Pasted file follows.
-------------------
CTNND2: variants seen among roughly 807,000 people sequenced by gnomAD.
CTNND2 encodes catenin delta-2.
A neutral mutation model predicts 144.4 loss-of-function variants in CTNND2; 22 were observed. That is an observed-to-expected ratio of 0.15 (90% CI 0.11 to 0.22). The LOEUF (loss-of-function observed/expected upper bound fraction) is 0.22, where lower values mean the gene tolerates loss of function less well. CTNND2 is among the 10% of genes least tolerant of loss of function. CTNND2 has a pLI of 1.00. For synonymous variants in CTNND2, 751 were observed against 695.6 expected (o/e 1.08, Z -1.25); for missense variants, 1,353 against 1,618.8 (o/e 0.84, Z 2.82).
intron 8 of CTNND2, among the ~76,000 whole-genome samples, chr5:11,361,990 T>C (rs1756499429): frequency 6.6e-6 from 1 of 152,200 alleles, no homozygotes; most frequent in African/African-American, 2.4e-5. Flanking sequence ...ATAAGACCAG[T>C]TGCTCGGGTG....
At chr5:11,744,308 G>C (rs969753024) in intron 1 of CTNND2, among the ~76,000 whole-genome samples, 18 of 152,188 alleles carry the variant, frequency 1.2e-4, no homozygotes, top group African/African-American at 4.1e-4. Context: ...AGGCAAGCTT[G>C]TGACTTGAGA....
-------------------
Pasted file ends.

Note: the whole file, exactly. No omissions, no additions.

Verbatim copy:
CTNND2: variants seen among roughly 807,000 people sequenced by gnomAD.
CTNND2 encodes catenin delta-2.
A neutral mutation model predicts 144.4 loss-of-function variants in CTNND2; 22 were observed. That is an observed-to-expected ratio of 0.15 (90% CI 0.11 to 0.22). The LOEUF (loss-of-function observed/expected upper bound fraction) is 0.22, where lower values mean the gene tolerates loss of function less well. CTNND2 is among the 10% of genes least tolerant of loss of function. CTNND2 has a pLI of 1.00. For synonymous variants in CTNND2, 751 were observed against 695.6 expected (o/e 1.08, Z -1.25); for missense variants, 1,353 against 1,618.8 (o/e 0.84, Z 2.82).
intron 8 of CTNND2, among the ~76,000 whole-genome samples, chr5:11,361,990 T>C (rs1756499429): frequency 6.6e-6 from 1 of 152,200 alleles, no homozygotes; most frequent in African/African-American, 2.4e-5. Flanking sequence ...ATAAGACCAG[T>C]TGCTCGGGTG....
At chr5:11,744,308 G>C (rs969753024) in intron 1 of CTNND2, among the ~76,000 whole-genome samples, 18 of 152,188 alleles carry the variant, frequency 1.2e-4, no homozygotes, top group African/African-American at 4.1e-4. Context: ...AGGCAAGCTT[G>C]TGACTTGAGA....